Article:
Caterpillars and Carbon Monoxide

Against a background of the terrible and sad news from Toulouse, the March sunshine has brought with it a choking smog that has covered Paris for more than a week.   Some rain or wind would be welcome to blow away the air pollution that has passed the European safety level 28 times since the beginning of the year.

To try and escape to some fresh air, last weekend we caught the train to Fontainebleau, for a walk in the forest.  No sooner had we started into the forest, we were confronted by a swarm of one of the most dangerous animals in France, advancing down the path towards us…

The Pine Processionary Caterpillar is a remarkable animal. Springtime is the period during which these gregarious caterpillars descend from the nests they build in pine trees, and march across the forest floor in single file, looking for a hole in the ground in which to pupate.  These “processions” are spectacular – the one we saw in Fontainebleau was 3 metres long, and we estimated it contained more than 100 individual caterpillars.

Apparently, caution must be taken when approaching these caterpillars, because their spines can detach, and if inhaled or in contact with skin, can cause violent allergic reactions in humans and domestic pets.  We got close enough to take some photos, but not close enough to be poisoned.

Luckily, no other dangerous beasts crossed our path.  The forest was still wearing its brown winter coat, but signs of spring were everywhere – finches were nibbling on buds on trees, and magnolias were just beginning to burst into flower. We’re still waiting for a storm to blow away the pollution over Paris, but this walk in woods was a welcome respite.

 

Of Châteaux and Chavignol

We managed to escape Paris for a weekend in the Sancerrois – a miniature region of France between Bourges and the Loire valley. The place is famous for its white wines (sauvignon blanc for the most part) and the goat’s cheese made in the village of Chavignol: a product so highly regarded that it has its own appellation contrôlée.

We hunted the famous goats and took pictures of them.

We tasted wine from the Côtes des Monts Damnés – Sancerre’s most prized terroir…

We stayed here, at the Château de Beaujeu… built in 1560, and now accepting guests for Bed and Breakfast.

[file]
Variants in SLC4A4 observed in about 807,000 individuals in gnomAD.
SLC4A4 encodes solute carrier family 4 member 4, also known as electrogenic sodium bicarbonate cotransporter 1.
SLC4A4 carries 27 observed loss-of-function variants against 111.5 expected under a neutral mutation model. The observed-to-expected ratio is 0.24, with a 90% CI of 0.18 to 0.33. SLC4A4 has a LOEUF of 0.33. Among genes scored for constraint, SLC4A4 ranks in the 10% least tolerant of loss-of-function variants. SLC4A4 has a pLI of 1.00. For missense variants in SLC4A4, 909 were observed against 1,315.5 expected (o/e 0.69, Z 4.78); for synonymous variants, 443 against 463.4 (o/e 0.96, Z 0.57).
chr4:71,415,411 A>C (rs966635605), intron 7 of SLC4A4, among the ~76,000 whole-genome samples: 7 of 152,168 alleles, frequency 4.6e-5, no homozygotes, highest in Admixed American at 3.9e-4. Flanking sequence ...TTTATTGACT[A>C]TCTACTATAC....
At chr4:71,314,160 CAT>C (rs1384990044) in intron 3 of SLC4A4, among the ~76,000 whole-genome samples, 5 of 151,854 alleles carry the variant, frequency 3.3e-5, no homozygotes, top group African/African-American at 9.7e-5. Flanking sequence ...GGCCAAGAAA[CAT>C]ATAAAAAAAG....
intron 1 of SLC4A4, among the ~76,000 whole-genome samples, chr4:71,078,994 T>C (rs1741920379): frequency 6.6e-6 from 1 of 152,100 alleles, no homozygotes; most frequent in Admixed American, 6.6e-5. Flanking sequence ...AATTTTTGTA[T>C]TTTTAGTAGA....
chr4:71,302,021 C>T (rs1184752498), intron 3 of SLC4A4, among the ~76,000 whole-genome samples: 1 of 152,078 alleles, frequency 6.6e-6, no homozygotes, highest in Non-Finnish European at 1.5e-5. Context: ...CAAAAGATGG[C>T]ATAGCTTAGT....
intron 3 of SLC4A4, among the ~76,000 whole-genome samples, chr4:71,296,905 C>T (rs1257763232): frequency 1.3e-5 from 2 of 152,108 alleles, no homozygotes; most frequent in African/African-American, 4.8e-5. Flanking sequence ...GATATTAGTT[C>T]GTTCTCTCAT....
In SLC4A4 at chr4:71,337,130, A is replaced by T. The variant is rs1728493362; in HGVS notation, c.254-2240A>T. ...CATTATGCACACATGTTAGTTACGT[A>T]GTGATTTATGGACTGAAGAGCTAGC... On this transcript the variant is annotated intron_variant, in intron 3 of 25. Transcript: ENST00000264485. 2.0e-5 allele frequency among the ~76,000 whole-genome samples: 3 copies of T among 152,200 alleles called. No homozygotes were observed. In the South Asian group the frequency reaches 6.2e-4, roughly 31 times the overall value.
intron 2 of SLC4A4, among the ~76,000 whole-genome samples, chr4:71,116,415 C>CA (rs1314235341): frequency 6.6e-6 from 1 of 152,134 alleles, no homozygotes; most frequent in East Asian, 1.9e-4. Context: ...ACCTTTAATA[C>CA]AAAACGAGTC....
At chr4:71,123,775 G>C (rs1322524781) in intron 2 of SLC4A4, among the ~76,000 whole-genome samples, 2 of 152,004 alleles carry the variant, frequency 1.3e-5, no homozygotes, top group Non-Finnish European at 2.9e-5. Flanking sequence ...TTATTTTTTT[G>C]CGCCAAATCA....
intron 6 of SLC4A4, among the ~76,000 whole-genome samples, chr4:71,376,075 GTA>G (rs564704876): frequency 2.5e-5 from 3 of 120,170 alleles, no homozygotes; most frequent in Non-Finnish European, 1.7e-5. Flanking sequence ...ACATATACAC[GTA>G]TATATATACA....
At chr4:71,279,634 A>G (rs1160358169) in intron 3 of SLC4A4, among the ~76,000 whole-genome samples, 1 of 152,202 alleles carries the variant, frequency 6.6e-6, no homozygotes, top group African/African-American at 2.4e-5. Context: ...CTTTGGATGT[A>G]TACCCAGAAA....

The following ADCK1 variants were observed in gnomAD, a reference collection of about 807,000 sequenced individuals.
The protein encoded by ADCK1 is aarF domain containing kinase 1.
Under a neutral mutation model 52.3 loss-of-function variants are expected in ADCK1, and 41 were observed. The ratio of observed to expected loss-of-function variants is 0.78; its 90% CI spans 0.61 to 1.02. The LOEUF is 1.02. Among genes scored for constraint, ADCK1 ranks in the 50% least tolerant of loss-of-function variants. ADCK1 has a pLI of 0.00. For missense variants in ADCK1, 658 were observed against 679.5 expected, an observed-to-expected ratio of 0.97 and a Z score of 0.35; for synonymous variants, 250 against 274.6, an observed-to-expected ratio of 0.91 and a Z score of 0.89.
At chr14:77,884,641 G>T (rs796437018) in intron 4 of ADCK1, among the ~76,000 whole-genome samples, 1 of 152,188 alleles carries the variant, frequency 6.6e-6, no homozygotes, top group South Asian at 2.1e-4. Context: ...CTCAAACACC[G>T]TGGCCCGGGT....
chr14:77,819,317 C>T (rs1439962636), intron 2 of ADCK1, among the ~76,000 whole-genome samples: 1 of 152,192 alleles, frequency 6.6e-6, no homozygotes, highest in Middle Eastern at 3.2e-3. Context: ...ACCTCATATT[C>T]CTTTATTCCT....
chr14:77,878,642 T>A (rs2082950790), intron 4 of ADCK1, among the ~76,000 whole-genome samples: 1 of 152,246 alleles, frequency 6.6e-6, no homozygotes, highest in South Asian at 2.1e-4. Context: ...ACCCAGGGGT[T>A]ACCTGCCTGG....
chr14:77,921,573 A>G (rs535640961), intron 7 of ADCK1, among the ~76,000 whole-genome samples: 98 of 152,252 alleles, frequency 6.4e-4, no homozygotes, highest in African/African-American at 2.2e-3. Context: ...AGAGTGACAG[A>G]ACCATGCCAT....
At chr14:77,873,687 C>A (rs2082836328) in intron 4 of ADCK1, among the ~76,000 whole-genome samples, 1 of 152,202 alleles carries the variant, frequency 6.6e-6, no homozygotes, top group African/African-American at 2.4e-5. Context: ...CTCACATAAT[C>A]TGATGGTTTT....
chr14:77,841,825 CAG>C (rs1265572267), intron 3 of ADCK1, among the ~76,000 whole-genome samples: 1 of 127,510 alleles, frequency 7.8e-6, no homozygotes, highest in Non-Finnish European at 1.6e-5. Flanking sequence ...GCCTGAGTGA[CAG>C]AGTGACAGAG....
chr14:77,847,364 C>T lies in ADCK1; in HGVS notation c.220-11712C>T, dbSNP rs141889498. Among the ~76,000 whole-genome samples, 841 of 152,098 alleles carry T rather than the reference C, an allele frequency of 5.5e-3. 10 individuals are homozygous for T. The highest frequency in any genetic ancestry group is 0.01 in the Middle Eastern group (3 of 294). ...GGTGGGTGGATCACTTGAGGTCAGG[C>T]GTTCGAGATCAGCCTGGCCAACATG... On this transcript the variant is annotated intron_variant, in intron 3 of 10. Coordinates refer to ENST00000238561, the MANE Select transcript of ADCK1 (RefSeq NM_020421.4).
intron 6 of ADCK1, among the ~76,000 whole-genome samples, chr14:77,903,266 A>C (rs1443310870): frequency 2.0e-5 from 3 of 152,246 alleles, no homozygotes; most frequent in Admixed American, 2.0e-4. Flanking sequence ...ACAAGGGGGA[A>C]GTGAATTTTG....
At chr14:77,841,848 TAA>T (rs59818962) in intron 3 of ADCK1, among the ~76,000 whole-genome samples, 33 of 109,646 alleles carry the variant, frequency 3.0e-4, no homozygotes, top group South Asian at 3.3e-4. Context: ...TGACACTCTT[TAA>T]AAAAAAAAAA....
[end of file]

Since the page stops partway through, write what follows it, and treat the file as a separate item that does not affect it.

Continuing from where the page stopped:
The château’s farm featured the largest pigeonnier (pigeon house) in the département… but no pigeons were in residence. Just one old owl.

Overall, the region around Sancerre turned out to be one of the loveliest parts of France I’ve seen so far!

Aron and Adb al Malik

It seems everyone ends up in Paris, eventually.  Aron Ottignon was raised in Auckland, New Zealand and I knew him when he was still a prodigious jazz pianist, playing professional gigs around town at an unusually young age.

Since then Aron’s played his way through the scenes in Sydney and London, released a solo album under the name Aronas, and now he’s ended up in Paris, playing with rapper Abd Al Malik.

As well as touring with Abd al Malik, Aron has appeared with the band on French TV shows such as Le Grand Journal, and earlier this year played at the Victoires de la Musique in Lille:

Aron was sneaky enough to film this very performance from his own perspective, on his iPhone…

And, if you’re quick, you can even see his iPhone in the live footage from France 4! :

Paris est à nous! (non, c’est à nous!)

Returning from a rather pleasant informal brunch yesterday, in the 19th arrondissement, a companion and I were entering the métro on rue de Belleville, heading towards Chatelet. I made the quite unconscious remark that we were “going back into Paris“. Which is a ridiculous statement, because we had never left Paris.

This is one of the paradoxes of a city like Paris: when you live near the centre, a journey of 20 minutes to the 19th arrondissment can feel like you’re heading into the countryside. Every part of town, despite being readily accessible by métro, feels distinct and somehow independent from every other district. Living and working here means that you might traverse several of these parallel universes every day.